Artificial pancreas treatment consists of an insulin pump, continuous glucose monitoring, and an algorithm to deliver insulin (and glucagon in dual-hormone systems) in response to glucose levels. In this meta-analysis published in BMJ, which included 40 randomised trials (1,042 participants), researchers compared artificial pancreas treatment with any type of insulin-based treatment in people with type 1 diabetes. Study duration was as long as 30 weeks.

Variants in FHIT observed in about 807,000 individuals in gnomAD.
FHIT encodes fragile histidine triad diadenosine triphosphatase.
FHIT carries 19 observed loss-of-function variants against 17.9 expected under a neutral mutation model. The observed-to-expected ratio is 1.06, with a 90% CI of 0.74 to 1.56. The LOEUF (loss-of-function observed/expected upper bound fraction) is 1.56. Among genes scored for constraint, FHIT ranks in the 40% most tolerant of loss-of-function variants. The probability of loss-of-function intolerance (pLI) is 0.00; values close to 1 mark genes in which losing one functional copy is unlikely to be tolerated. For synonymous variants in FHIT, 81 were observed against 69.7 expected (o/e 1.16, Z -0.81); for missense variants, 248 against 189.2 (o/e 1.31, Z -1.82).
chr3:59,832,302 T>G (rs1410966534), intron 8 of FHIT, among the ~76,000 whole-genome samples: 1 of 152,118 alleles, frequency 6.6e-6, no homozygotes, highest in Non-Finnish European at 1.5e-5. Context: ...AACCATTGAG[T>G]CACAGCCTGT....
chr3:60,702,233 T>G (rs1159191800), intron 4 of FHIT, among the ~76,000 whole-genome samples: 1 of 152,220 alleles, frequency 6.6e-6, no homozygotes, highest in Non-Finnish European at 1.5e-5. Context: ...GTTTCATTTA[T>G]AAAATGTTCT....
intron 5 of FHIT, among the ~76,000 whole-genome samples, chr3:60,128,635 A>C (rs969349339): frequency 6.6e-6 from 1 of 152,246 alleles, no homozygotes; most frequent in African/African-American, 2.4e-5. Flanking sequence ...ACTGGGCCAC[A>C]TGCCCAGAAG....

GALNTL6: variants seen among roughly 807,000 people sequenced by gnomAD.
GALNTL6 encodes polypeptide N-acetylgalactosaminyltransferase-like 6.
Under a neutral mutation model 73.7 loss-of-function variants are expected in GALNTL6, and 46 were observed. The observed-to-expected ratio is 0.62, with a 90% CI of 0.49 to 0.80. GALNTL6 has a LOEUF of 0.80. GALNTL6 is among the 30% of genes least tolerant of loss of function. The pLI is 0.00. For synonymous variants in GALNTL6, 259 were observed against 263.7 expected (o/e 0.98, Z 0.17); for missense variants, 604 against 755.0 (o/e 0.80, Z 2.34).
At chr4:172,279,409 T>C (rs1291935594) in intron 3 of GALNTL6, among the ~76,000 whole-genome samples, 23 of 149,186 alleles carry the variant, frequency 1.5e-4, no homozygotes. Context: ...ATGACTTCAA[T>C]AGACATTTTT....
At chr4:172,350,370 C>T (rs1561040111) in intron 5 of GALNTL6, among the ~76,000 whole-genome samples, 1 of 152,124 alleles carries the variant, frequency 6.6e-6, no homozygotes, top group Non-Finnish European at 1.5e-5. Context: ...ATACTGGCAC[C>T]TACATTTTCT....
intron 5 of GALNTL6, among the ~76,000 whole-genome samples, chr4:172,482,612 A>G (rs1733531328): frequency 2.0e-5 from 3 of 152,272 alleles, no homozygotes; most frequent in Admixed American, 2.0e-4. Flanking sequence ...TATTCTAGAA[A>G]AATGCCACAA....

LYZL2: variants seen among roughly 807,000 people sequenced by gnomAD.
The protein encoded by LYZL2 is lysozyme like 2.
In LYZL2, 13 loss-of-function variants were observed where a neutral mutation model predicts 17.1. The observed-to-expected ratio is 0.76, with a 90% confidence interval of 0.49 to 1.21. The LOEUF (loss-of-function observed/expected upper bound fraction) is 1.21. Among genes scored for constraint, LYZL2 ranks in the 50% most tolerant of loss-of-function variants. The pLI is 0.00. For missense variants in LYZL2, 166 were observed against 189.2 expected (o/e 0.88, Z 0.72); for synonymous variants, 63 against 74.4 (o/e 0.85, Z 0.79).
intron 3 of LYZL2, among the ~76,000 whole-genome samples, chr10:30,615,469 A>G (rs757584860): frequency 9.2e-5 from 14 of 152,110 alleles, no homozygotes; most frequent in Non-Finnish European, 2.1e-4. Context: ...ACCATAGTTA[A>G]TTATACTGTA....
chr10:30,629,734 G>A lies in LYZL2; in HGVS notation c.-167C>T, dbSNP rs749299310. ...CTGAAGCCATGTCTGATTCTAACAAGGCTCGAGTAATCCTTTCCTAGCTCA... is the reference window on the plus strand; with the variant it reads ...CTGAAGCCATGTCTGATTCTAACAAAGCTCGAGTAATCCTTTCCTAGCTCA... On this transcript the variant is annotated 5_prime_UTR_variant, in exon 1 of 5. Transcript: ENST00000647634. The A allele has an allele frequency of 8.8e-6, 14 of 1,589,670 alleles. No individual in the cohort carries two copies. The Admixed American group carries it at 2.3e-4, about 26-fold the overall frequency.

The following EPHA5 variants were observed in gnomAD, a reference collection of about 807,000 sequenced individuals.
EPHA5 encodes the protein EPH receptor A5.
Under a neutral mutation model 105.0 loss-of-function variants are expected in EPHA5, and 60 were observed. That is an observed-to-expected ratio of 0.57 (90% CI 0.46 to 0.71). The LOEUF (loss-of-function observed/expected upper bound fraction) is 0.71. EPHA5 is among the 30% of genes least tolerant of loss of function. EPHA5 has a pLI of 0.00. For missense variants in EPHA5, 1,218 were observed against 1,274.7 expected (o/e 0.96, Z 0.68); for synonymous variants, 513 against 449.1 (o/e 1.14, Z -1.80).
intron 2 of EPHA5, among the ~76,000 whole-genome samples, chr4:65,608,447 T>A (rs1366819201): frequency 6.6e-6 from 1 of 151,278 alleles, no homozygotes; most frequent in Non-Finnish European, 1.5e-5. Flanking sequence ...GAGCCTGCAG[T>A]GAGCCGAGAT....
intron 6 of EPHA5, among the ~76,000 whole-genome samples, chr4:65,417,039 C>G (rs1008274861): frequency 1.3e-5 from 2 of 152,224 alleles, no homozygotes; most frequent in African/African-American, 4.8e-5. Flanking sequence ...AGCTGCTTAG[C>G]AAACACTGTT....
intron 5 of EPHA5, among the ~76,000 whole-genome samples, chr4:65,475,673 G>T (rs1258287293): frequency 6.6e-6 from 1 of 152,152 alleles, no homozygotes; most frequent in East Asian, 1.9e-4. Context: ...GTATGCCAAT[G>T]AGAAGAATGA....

The primary outcome — the proportion of time that the sensor glucose level was within the near-normoglycemic range (70–180 mg/dL) — was significantly higher with artificial pancreas treatment during 24 hours (140 additional minutes) and overnight than with control treatments. Proportions of time in hyperglycemia and hypoglycaemia, mean levels of sensor blood glucose during 24 hours, and glycosylated haemoglobin levels all were significantly lower with artificial pancreas treatment. Mean daily need for insulin did not differ between groups.